Lab (8) - Boolean Expressions, Multiway Branches, and Switch Statement

In this lab we will:
Learn about Boolean Expressions and how they will be evaluated
Learn about the switch statement

Boolean Expressions:
We have learned so far that in C++, a Boolean expression evaluates to True (1) or False (0).  For example in the following code segment, we have used an if statement that does something when the conditional statement is True and another thing when that statement is False.

char c;

cout << "Enter a character and I will determine whether you have said yes or something else \n";
cin >> c;

if( c == 'y' || c == 'Y' ){
    cout << "You have entered y or Y, for YES \n";
    cout << "For OR, ||, we only need to have one part to be true, \n";
    cout << "then the whole thing will be true \n";
}
else{
    cout << "I know that you haven't entered y or Y, but whatever \n";
    cout << "you have entered, means NO to me \n";
    cout << "not that the if statement will get you here, only \n";
    cout << "if you fail to enter y or Y.  That is how OR evaluate to False, \n";
    cout << "when both parts are wrong \n";
}

The ( c == 'y' || c == 'Y' ) will evaluate to True or False.  In this example we have an OR (||) so this statement will evaluate to False, if both c == 'y' and c == 'Y' are false.  In that case, c is not 'y' and c is not 'Y' either.  Any other combination of these two will evaluate to True.  Please refer to Display 7.1 of the textbook for more information.

Note that in if( c == 'y' || c == 'Y' ){, we haven't put c == 'y' and c == 'Y' in parenthesis. This is because the Precedence Rules will set the order of operation, thus, these two will be evaluated before ||.  Please see Display 7.2 of the textbook for more information on Precedence Rules.

Following is another example for Boolean expression.  Copy this code to a file in your directory.  But, before you run the code, write on a piece of paper, the answers that you think will be generated.  Also answer the following two questions before you run the code.

Explain the difference between the way h and i are running?
Explain the difference between the way j and k are running?

Then, compile and run the code, lab81.C, to see what the outcome is.

// ******* lab81.C **************
#include<iostream.h>
int main()
{

    int count = 0, limit = 10;
    int x,y;

    cout << "a  " << ( (count == 0) && (limit < 20)) << "\n";
    cout << "b  " << ( count == 0 && limit < 20 ) << "\n";
    cout << "c  " << ( (limit > 12) || (count < 5) ) << "\n";
    cout << "d  " << ( !(count == 5) ) << "\n";
    cout << "e  " << ( (count == 1) && (x < y) ) << "\n";
    cout << "f  " << ( (count < 10) || (x < y) ) << "\n";
    cout << "g  " << ( !( ((count < 10) || (x < y)) && (count >= 0)) ) << "\n";
    cout << "h  " << ( ((limit/count) > 7) || (limit < 20) ) << "\n";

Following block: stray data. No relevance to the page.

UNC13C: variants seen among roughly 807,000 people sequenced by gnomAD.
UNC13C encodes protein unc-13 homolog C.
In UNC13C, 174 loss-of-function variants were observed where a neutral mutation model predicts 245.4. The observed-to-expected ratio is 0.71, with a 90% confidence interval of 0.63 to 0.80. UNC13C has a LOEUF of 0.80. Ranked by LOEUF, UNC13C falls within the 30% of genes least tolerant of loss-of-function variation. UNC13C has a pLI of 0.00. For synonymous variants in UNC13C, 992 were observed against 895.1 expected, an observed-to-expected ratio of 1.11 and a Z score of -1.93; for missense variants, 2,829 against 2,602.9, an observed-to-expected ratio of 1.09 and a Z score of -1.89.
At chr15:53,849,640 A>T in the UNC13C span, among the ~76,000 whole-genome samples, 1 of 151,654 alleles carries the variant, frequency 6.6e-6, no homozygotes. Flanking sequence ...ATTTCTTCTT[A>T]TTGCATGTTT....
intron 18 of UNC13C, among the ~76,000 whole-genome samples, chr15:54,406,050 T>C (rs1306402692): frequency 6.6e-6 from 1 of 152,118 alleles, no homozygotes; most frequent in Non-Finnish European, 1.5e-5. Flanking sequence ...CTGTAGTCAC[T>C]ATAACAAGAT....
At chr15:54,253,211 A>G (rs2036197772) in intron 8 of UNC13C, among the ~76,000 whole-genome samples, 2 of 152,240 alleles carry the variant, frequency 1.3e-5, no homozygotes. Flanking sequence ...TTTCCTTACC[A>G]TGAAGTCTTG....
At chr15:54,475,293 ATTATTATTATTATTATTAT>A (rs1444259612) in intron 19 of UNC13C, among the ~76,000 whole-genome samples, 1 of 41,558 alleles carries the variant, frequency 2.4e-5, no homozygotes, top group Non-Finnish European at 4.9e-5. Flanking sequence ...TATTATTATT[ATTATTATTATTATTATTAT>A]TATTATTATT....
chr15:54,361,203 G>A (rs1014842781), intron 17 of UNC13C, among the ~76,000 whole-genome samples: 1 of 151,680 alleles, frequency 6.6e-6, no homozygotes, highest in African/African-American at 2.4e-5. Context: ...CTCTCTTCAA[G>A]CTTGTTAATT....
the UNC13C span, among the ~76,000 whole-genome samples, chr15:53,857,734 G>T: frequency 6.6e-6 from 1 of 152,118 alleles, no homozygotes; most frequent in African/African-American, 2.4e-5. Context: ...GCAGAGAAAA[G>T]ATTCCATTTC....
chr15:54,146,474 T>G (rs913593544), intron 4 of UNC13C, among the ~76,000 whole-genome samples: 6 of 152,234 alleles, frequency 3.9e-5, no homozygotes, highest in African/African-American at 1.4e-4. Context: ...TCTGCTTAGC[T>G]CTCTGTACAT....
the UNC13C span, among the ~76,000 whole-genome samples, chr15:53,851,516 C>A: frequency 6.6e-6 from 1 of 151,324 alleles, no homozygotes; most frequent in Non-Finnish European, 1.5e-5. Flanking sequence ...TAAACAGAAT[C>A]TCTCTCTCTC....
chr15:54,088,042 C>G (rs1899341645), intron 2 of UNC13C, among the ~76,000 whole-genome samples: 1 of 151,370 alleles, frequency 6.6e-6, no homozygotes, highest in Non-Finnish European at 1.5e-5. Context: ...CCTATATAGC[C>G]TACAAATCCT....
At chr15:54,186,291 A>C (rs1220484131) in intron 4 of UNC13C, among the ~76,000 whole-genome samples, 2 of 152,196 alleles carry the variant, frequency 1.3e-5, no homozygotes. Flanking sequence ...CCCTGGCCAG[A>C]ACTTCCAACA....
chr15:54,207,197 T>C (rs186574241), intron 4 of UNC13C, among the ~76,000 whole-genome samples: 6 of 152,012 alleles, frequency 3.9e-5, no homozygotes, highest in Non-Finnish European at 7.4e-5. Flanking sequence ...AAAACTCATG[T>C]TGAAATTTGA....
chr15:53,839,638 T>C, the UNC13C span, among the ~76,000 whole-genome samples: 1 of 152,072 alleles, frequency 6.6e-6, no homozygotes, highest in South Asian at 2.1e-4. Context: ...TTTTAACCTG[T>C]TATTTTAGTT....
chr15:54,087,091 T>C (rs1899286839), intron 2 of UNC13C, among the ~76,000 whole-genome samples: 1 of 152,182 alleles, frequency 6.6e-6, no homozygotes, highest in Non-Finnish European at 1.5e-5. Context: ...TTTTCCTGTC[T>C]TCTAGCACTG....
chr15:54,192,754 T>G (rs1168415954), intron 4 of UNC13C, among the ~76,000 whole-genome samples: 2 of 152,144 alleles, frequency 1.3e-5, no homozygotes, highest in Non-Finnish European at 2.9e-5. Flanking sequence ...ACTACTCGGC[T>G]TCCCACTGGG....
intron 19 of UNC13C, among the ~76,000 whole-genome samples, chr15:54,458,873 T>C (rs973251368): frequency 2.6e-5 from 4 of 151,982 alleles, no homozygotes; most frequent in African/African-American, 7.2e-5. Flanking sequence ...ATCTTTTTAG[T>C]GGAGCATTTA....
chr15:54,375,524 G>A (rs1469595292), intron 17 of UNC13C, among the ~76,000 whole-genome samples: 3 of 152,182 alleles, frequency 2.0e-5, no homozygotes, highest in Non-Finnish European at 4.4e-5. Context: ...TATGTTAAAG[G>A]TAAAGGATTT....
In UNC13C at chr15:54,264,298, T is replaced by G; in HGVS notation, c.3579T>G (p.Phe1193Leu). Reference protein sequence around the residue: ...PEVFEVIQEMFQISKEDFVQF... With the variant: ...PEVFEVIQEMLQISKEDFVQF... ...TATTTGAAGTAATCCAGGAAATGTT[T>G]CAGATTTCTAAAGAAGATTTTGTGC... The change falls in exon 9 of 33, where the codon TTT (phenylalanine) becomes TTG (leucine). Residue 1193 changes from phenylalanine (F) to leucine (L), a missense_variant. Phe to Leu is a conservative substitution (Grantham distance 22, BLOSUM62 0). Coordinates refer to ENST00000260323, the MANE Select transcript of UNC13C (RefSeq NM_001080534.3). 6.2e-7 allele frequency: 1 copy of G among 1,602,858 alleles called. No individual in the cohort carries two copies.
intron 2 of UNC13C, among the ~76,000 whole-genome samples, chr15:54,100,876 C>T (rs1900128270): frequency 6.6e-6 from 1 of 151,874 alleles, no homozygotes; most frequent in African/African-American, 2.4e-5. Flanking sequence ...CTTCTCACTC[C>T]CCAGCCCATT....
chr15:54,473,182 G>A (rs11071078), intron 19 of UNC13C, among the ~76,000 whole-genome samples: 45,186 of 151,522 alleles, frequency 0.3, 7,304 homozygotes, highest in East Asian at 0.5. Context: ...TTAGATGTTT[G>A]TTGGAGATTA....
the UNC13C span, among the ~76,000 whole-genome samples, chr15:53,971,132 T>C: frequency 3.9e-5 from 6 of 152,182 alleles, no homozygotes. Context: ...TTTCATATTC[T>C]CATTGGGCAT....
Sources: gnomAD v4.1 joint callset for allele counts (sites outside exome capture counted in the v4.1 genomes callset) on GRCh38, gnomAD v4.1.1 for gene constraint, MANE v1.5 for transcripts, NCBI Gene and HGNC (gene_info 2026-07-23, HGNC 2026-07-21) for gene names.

cout << "i  " << ( (limit < 20) || ((limit/count) > 7) ) << "\n";
    cout << "j  " << ( ((limit/count) > 7) && (limit < 0) ) << "\n";
    cout << "k  " << ( (limit < 0) && (( limit/count) > 7) ) << "\n";
    cout << "L  " << ( (5 && 7) + (!6) ) << "\n";

    return 0;
}

The switch statement
Using the following syntax for the switch statement, convert the code given below so that it uses switch instead of if statement.

Syntax for the switch statement:

switch( controlling statement)
{
    case const_1:
        statement sequence_1;
    break;
    case const_2:
        statement sequence_2;
    break;
    ....
    ...
    ..
    case const_n:
        statement sequence_n;
    break;
    default:
        default statement sequence;
}

In the above syntax, you will see that every case has been started with case .... :, and has been closed with a break as opposed to { and } that we have seen in for loop, while loop, and if ...  The body of the switch statement, is whatever comes between { and }.

// ********* lab82.C *************************************
#include<iostream.h>
int main()
{
   char c;

   cout << "Enter a letter A to E, and I will \n";
   cout << "print the names that start with that letter \n";
   cin >> c;

   if( c == 'A')
   {
      cout << "Atkins, Tom \n";
      cout << "Ashe, Nina \n";

   }
   else if ( c == 'B')
   {
      cout << "Blair, Bob \n";
   }
   else if ( c == 'C')
   {
      cout << "Cornel, Tania \n";
   }
   else if ( c == 'D')
   {
      cout << "Davis, James \n";
      cout << "Durham, kim \n";
      cout << "Duck, Alison \n";
   }
   else if ( c == 'E')
   {
      cout << "Eagle, Kathy \n";
      cout << "Edgeworth, Tom \n";
   }
   else
   {
      cout << "Sorry, you have entered an invalid choice \n";
      cout << "Better luck next time \n";
   }
}

In the above code, could we use uppercase and lowercase interchangeably?

Hint on conversion of the above code: controlling statement is c.  That is what determines what direction your code will go, i.e., controls the flow of your code.